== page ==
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README.md

README.md

API Documentation

Kolide Fleet is powered by a Go API server which serves three types of endpoints:

  • Endpoints starting with /api/v1/osquery/ are osquery TLS server API endpoints. All of these endpoints are used for talking to osqueryd agents and that's it.
  • Endpoints starting with /api/v1/kolide/ are endpoints to interact with the Fleet data model (packs, queries, scheduled queries, labels, hosts, etc) as well as application endpoints (configuring settings, logging in, session management, etc).
  • All other endpoints are served the React single page application bundle. The React app uses React Router to determine whether or not the URI is a valid route and what to do.

Only osquery agents should interact with the osquery API, but we'd like to support the eventual use of the Fleet API extensively. The API is not very well documented at all right now, but we have plans to:

  • Generate and publish detailed documentation via a tool built using test2doc (or similar).
  • Release a JavaScript Fleet API client library (which would be derived from the current JavaScript API client).
  • Commit to a stable, standardized API format.

Fleetctl

Many of the operations that a user may wish to perform with an API are currently best performed via the fleetctl tooling. These CLI tools allow updating of the osquery configuration entities, as well as performing live queries.

Current API

The general idea with the current API is that there are many entities throughout the Fleet application, such as:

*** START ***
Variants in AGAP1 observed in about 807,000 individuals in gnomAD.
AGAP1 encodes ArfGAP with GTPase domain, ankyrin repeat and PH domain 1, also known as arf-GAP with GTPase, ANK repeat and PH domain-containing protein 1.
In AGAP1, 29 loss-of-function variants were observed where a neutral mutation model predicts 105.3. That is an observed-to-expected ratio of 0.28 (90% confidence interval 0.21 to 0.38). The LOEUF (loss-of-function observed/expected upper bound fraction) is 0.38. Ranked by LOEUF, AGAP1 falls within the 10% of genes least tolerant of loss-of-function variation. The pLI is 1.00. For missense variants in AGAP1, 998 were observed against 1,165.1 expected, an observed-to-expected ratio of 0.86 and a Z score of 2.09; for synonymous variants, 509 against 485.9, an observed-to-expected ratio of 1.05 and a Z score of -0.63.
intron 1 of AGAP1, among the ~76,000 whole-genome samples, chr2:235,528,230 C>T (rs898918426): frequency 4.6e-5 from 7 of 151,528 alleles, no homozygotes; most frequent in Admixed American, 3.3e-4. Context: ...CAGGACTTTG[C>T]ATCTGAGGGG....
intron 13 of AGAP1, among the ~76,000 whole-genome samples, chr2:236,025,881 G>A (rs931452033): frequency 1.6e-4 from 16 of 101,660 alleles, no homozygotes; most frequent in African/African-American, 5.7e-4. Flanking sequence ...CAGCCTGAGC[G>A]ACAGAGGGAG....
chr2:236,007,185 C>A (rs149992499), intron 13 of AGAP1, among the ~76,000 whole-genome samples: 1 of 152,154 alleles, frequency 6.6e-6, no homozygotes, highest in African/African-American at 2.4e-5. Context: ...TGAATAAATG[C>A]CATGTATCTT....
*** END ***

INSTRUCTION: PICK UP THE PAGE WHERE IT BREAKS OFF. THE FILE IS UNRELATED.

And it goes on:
• Queries
  • Packs
  • Labels
  • Hosts

Each set of objects follows a similar REST access pattern.

  • You can GET /api/v1/kolide/packs to get all packs
  • You can GET /api/v1/kolide/packs/1 to get a specific pack.
  • You can DELETE /api/v1/kolide/packs/1 to delete a specific pack.
  • You can POST /api/v1/kolide/packs (with a valid body) to create a new pack.
  • You can PATCH /api/v1/kolide/packs/1 (with a valid body) to modify a specific pack.

Queries, packs, scheduled queries, labels, invites, users, sessions all behave this way. Some objects, like invites, have additional HTTP methods for additional functionality. Some objects, such as scheduled queries, are merely a relationship between two other objects (in this case, a query and a pack) with some details attached.

All of these objects are put together and distributed to the appropriate osquery agents at the appropriate time. At this time, the best source of truth for the API is the HTTP handler file in the Go application. The REST API is exposed via a transport layer on top of an RPC service which is implemented using a micro-service library called Go Kit. If using the Kolide API is important to you right now, being familiar with Go Kit would definitely be helpful.